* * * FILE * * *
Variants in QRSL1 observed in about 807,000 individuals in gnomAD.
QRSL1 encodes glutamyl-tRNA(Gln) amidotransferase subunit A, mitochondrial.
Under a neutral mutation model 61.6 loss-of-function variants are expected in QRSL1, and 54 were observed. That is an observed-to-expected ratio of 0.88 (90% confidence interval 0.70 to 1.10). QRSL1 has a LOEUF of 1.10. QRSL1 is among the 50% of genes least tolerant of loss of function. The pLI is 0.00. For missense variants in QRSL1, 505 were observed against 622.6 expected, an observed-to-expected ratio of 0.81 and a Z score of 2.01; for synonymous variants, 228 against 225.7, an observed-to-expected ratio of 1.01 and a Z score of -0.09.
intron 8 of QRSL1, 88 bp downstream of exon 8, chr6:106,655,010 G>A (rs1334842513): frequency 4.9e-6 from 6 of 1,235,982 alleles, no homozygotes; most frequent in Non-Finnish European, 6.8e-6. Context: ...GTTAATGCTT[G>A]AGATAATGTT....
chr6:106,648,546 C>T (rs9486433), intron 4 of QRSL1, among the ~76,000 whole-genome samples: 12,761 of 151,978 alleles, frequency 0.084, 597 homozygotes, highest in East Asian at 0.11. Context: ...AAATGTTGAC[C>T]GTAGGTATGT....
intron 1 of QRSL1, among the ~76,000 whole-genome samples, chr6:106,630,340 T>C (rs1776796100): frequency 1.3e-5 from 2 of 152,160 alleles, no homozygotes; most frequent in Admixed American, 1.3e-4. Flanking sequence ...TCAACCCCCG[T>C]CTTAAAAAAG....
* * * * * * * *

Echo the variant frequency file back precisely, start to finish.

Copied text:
Variants in QRSL1 observed in about 807,000 individuals in gnomAD.
QRSL1 encodes glutamyl-tRNA(Gln) amidotransferase subunit A, mitochondrial.
Under a neutral mutation model 61.6 loss-of-function variants are expected in QRSL1, and 54 were observed. That is an observed-to-expected ratio of 0.88 (90% confidence interval 0.70 to 1.10). QRSL1 has a LOEUF of 1.10. QRSL1 is among the 50% of genes least tolerant of loss of function. The pLI is 0.00. For missense variants in QRSL1, 505 were observed against 622.6 expected, an observed-to-expected ratio of 0.81 and a Z score of 2.01; for synonymous variants, 228 against 225.7, an observed-to-expected ratio of 1.01 and a Z score of -0.09.
intron 8 of QRSL1, 88 bp downstream of exon 8, chr6:106,655,010 G>A (rs1334842513): frequency 4.9e-6 from 6 of 1,235,982 alleles, no homozygotes; most frequent in Non-Finnish European, 6.8e-6. Context: ...GTTAATGCTT[G>A]AGATAATGTT....
chr6:106,648,546 C>T (rs9486433), intron 4 of QRSL1, among the ~76,000 whole-genome samples: 12,761 of 151,978 alleles, frequency 0.084, 597 homozygotes, highest in East Asian at 0.11. Context: ...AAATGTTGAC[C>T]GTAGGTATGT....
intron 1 of QRSL1, among the ~76,000 whole-genome samples, chr6:106,630,340 T>C (rs1776796100): frequency 1.3e-5 from 2 of 152,160 alleles, no homozygotes; most frequent in Admixed American, 1.3e-4. Flanking sequence ...TCAACCCCCG[T>C]CTTAAAAAAG....